11/29/2022
11/29/2022

Boos swirl as Athletes Kneel


By Staff

They’re allowed to kneel, raise a fist or otherwise express their hatred for America. That, according to American Military News, is the decision “sanctioned by the U.S. Olympic and Paralympic Committee (USOPC), a policy the committee will likely adhere to at the games in Tokyo this summer.”

As the article explains, expressions of displeasure with America have also included the wearing of clothes with “phrases like ‘Black Lives Matter’ or ‘Trans Lives Matter’” The decision is described as supportive of “marginalized or minoritized populations.”

The news is rife with examples of American athletes expressing themselves in such fashion. The most recent example is Gwen Berry.

While competing in the Olympic trials, Berry indicated she was “pissed” that the national anthem was played while she was at the podium receiving a bronze medal for the hammer throw June 27.

Quoted in a NY Post article by Sam Raskin, Berry said, “I feel like it was a setup ... they did it on purpose.”

Berry turned her back on the flag and covered her head with her shirt, which read “Activist Athlete” on the front.

Some pointed out that Berry stole the spotlight from the two athletes who finished before her. DeAnna Price and Brooke Andersen were the gold and silver medal winners, respectively.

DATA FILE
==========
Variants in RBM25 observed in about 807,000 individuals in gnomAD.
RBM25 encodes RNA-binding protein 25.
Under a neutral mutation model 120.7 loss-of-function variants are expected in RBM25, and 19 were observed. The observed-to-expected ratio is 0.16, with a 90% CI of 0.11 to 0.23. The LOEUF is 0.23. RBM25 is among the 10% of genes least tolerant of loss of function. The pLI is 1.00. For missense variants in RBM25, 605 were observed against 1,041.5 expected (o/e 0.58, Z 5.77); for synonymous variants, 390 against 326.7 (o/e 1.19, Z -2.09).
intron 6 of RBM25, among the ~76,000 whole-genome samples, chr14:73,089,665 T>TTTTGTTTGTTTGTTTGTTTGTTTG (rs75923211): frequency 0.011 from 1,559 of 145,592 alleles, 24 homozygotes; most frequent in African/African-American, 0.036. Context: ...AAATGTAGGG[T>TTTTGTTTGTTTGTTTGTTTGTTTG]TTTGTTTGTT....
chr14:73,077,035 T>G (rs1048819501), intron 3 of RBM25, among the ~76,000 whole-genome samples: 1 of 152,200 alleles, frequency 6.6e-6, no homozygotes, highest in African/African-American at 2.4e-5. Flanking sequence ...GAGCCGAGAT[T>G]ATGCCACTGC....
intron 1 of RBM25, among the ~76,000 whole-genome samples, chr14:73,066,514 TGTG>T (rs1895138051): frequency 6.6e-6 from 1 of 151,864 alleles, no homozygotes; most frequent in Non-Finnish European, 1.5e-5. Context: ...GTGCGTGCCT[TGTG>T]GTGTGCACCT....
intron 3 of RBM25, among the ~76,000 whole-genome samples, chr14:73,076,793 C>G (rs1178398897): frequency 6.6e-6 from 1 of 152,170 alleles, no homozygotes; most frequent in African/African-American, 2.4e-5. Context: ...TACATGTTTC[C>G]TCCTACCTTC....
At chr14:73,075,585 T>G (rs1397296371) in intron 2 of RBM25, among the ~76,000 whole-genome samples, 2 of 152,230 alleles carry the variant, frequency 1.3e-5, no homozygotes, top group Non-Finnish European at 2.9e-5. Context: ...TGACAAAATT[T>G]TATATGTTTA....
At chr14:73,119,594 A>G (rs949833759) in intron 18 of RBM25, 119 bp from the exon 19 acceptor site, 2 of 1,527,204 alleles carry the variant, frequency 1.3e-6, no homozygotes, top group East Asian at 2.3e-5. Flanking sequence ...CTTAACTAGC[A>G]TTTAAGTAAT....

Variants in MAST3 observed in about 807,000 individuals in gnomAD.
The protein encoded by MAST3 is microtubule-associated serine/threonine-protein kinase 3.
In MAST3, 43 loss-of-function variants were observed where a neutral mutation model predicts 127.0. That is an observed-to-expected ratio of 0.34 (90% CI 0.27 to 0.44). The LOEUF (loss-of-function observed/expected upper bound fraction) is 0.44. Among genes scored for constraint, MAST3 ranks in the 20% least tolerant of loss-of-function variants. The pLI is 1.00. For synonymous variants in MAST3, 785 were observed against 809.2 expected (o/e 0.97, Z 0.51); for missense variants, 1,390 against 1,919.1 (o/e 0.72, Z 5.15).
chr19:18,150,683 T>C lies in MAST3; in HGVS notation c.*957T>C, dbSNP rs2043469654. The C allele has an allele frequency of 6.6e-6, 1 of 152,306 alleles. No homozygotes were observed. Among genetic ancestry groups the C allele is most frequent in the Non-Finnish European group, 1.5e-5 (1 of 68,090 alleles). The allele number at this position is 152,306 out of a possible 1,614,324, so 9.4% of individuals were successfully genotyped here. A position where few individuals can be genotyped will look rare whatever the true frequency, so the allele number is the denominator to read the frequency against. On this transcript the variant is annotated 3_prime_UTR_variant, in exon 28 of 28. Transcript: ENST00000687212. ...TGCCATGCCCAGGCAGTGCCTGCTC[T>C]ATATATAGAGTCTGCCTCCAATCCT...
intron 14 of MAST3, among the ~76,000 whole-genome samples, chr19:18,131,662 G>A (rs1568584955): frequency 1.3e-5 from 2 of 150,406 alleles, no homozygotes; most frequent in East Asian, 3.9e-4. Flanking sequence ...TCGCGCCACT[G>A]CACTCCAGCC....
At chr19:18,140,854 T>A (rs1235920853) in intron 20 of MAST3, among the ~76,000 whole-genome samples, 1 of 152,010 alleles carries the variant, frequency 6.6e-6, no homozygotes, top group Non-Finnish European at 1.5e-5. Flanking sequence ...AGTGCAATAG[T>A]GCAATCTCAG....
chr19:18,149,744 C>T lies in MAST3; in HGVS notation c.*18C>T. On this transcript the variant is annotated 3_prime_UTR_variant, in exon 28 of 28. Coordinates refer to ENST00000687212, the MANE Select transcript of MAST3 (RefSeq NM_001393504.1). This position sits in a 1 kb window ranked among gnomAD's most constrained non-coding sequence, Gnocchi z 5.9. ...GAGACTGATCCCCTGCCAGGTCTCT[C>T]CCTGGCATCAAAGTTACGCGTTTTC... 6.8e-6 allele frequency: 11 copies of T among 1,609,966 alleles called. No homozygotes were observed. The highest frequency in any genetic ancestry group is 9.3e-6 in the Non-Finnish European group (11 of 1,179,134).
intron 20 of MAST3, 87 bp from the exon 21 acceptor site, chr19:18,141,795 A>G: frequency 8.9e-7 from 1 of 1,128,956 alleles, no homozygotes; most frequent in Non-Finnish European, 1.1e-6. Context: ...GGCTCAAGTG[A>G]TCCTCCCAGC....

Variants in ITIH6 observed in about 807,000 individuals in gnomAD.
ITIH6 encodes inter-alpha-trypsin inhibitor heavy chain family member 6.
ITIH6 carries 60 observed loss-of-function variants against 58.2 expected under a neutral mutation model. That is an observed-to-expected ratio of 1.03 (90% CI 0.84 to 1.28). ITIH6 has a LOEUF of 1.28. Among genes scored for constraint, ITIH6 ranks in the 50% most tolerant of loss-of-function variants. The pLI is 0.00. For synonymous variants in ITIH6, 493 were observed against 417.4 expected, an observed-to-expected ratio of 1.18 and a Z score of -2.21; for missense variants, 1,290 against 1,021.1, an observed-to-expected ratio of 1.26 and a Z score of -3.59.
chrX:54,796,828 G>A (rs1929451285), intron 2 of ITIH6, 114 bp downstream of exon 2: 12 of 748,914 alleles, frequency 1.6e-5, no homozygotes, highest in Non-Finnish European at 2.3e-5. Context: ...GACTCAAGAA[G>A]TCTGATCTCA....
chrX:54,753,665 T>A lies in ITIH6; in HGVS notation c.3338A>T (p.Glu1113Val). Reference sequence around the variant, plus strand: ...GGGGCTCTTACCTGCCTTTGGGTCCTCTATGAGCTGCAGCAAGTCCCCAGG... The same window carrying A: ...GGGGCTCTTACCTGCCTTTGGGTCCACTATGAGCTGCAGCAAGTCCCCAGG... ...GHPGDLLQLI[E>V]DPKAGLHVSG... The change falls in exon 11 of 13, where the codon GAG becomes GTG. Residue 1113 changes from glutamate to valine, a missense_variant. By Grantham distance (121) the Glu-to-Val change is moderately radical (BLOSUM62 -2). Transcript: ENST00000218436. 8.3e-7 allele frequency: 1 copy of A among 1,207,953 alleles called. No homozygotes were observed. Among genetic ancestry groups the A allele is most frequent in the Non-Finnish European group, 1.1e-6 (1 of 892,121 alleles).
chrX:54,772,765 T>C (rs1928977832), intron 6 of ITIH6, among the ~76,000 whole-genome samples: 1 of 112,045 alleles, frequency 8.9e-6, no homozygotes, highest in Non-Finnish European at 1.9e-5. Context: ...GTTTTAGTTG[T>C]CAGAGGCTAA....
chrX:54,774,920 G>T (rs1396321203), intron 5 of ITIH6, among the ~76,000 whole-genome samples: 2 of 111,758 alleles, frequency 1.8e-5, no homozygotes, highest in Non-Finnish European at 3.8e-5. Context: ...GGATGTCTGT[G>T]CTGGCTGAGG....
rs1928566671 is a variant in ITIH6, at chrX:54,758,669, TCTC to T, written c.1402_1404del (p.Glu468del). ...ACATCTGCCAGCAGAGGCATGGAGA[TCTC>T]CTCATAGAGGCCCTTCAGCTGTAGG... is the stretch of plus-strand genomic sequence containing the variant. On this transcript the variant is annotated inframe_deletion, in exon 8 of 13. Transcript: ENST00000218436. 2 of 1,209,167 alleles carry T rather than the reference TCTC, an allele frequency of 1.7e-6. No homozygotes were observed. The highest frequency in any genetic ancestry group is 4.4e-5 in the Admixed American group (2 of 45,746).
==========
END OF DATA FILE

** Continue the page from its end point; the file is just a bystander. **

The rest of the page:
During his presidency, Donald Trump spoke out against athletes kneeling for the anthem. The practice was started with then San Francisco 49ers Quarterback Colin Kaepernick.

At one point, Trump had Tweeted, “Why is the NFL getting massive tax breaks while at the same time disrespecting our Anthem, Flag and Country? Change tax law!” But Donald Trump is hardly the only one to criticize the behavior.

In an Aug. 13, 2020, opinion piece from the Washington Examiner, Zachary Faria wrote, “… this form of protesting was always going to be divisive. The national anthem and the American flag were always our common denominator, the things we could always look at as the most basic unifying symbols of being an American.”

As Faria continued, “Protesting during the national anthem has become indistinguishable from protesting the anthem itself … especially doing so at the prompting of Kaepernick, who made it clear he doesn’t have any love for America.”

Faria wrote that these athletes “shouldn’t be surprised when fans meet them with a chorus of boos.”